Political campaigns in Nigeria are usually characterized by social gatherings which include: rallies, community gatherings, and door to door campaigns amongst other strategic meeting arrangements which are deployed by politicians to interact with the people and win their votes.
Like every facet of life that has been affected by the deadly Coronavirus, the pandemic will also have impact on how we play our politics. Physical distancing has been noted by World Health Organization (WHO) and Nigeria Centre for Disease Control (NCDC) to be one of the safest ways to reduce the spread of the virus and save lives; but the truth is that this precautionary measure by the health authorities is not without its own disadvantage to politicians who have elections to prepare for.
The Independent National Electoral Commission (INEC) is preparing for the Edo and Ondo state governorship elections and the both elections slated for September 19, 2020 and October 10, 2020 respectively. While INEC has insisted that it will deploy all means necessary to make sure that elections hold in the both states to avoid constitutional crisis of any form, the conversation we should be having is on how politicians will carry out campaigns without breaking the several laws set to help curb the spread of the virus.
There are two ways to do campaigns in modern times, physical meeting and media outreach. Now that the physical meeting is out of the equation or at least reduced drastically, there is a possibility that the traditional media and the social media which includes but not limited to Twitter, Facebook, Instagram and WhatsApp – will be largely relied upon by politicians to campaign and mobilize support for themselves and fuel negative emotions against their opponents.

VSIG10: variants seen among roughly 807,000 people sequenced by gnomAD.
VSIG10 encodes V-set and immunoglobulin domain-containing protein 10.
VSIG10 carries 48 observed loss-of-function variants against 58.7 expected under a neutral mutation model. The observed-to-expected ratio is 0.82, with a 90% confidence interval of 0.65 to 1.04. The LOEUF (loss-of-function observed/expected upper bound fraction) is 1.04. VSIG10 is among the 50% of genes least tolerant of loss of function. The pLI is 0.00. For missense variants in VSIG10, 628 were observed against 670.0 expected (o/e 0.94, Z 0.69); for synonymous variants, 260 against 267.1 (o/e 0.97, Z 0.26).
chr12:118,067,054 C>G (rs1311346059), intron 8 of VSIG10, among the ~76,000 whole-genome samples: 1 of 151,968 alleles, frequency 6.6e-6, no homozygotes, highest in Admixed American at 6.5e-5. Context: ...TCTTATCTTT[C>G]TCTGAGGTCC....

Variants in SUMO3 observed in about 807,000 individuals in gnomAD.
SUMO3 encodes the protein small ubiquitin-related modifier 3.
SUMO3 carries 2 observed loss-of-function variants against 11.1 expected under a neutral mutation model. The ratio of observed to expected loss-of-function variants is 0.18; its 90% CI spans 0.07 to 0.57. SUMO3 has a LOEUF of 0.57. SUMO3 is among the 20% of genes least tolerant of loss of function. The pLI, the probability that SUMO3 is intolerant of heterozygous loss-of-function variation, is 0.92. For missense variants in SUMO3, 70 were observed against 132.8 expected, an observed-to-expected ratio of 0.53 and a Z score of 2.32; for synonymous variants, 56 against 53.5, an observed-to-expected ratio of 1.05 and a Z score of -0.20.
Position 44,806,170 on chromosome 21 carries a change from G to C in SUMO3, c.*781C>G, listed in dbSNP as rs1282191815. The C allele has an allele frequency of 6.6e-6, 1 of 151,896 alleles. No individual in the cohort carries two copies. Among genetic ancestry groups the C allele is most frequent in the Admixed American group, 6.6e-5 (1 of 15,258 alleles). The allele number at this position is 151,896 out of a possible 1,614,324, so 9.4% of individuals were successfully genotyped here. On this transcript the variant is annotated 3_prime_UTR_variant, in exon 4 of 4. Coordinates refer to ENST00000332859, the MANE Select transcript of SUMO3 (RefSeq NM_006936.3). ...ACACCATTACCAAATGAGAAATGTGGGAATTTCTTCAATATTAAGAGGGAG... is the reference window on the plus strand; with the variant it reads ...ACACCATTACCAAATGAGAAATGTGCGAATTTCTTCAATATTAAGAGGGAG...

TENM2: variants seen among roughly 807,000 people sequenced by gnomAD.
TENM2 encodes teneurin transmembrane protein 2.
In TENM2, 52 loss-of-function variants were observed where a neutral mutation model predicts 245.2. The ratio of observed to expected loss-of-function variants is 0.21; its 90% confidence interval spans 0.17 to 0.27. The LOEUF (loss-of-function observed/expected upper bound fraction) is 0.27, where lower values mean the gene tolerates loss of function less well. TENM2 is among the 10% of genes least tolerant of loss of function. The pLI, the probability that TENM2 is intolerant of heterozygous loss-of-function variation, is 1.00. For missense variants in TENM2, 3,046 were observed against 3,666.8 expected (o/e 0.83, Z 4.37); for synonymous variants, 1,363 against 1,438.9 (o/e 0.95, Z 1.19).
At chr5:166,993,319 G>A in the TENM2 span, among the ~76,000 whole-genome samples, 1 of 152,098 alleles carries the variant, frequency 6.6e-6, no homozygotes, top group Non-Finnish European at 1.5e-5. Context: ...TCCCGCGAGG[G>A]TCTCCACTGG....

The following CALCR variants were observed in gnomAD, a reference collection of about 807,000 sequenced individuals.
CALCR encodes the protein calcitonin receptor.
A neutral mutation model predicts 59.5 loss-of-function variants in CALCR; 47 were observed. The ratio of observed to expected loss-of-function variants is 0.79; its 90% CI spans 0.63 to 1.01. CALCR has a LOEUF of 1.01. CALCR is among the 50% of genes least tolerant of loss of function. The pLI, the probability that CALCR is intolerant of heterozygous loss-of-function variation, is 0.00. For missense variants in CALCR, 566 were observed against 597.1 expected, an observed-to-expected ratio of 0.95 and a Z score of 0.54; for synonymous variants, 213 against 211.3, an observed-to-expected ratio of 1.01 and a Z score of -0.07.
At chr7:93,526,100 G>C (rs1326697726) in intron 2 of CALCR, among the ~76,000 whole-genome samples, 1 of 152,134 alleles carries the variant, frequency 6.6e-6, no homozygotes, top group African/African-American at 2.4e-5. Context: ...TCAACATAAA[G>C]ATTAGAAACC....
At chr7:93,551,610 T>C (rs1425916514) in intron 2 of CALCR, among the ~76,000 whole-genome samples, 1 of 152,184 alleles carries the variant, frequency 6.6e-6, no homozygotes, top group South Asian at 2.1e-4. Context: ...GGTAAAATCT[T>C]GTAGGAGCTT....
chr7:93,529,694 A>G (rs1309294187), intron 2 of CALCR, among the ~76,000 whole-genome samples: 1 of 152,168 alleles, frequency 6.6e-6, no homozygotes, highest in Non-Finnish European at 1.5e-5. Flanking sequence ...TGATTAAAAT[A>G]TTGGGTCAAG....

The big question is: Will this be the moment where politicians are forced to use social media to campaign on real issues or will politicians risk mingling with their citizens during the period of campaign despite threat of Covid-19?
Concerned about the safety of voters and its staff that would be on election duties, INEC has said it will issue an advisory, which will ensure that activities around the election took place virtually. This means that the commission plans to run both elections in compliance with the guidelines of the Nigeria Centre for Disease Control (NCDC) and the directive of the Presidential Taskforce on Covid-19. The most important item on both lists arguably, is Social/Physical distancing and virtual meetings will definitely take care of this.
INEC has said that almost all its activities for the 2020 elections will moved online to avoid crowd gathering. It also advised political parties and politicians to adopt measure that will not promote physical gathering of large numbers of people.
Checks by IVOTENG reveal that most politicians will not play by the rules. This is because Nigerians find it difficult to adapt to change – even if it will come at a lower cost. In fact, the pandemic itself will be seen by politicians as a way of advancing their aspiration through the physical distribution of palliatives.
Although, the use of social media will gain more prominence during this period, but politicians will prefer to move from place to place for campaign and also engage the service of people known as canvassers to advance their ambition in different neighborhood.
Many principal will adopt virtual means to communicate with their lieutenants but these lieutenants will expose themselves to mini crowds from community to community.
Will there be any penalty for politicians who go against the NCDC guideline during these elections?